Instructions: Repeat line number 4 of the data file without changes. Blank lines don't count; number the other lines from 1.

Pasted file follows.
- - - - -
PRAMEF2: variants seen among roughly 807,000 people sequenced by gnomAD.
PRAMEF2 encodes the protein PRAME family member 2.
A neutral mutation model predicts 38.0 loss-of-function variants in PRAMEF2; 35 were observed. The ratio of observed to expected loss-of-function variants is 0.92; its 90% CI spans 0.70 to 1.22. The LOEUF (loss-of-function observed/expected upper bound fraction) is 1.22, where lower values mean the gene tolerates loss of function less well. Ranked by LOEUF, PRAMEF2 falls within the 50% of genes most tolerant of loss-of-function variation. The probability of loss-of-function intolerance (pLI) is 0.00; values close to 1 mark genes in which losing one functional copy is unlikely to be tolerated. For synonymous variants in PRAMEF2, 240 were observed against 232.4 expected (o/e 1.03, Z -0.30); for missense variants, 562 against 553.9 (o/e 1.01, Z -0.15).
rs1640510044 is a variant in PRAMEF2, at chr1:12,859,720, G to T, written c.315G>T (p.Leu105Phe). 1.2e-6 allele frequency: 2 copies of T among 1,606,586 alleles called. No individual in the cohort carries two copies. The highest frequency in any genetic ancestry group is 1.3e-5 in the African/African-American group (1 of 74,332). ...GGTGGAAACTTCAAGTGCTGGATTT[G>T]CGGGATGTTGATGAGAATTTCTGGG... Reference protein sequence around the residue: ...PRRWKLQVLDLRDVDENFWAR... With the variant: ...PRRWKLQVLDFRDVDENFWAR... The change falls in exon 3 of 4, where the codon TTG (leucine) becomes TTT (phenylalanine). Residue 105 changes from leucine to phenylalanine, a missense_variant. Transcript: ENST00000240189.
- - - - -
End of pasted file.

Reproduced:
rs1640510044 is a variant in PRAMEF2, at chr1:12,859,720, G to T, written c.315G>T (p.Leu105Phe). 1.2e-6 allele frequency: 2 copies of T among 1,606,586 alleles called. No individual in the cohort carries two copies. The highest frequency in any genetic ancestry group is 1.3e-5 in the African/African-American group (1 of 74,332). ...GGTGGAAACTTCAAGTGCTGGATTT[G>T]CGGGATGTTGATGAGAATTTCTGGG... Reference protein sequence around the residue: ...PRRWKLQVLDLRDVDENFWAR... With the variant: ...PRRWKLQVLDFRDVDENFWAR... The change falls in exon 3 of 4, where the codon TTG (leucine) becomes TTT (phenylalanine). Residue 105 changes from leucine to phenylalanine, a missense_variant. Transcript: ENST00000240189.